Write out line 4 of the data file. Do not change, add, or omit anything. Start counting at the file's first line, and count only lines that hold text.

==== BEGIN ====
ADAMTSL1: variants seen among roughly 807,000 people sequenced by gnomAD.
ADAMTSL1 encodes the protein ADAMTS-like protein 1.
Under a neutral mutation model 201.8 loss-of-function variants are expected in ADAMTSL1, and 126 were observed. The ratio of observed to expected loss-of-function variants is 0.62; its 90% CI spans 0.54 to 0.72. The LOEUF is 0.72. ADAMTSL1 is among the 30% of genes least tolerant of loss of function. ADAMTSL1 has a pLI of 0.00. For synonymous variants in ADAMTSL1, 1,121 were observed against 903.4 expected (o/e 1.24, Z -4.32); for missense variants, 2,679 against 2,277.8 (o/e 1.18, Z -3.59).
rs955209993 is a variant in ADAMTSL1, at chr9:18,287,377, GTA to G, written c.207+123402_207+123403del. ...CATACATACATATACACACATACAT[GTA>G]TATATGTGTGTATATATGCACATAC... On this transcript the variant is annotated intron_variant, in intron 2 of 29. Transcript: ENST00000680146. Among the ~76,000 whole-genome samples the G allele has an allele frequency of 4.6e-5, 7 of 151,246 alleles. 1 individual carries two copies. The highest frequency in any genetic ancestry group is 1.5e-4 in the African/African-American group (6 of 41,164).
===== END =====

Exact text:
rs955209993 is a variant in ADAMTSL1, at chr9:18,287,377, GTA to G, written c.207+123402_207+123403del. ...CATACATACATATACACACATACAT[GTA>G]TATATGTGTGTATATATGCACATAC... On this transcript the variant is annotated intron_variant, in intron 2 of 29. Transcript: ENST00000680146. Among the ~76,000 whole-genome samples the G allele has an allele frequency of 4.6e-5, 7 of 151,246 alleles. 1 individual carries two copies. The highest frequency in any genetic ancestry group is 1.5e-4 in the African/African-American group (6 of 41,164).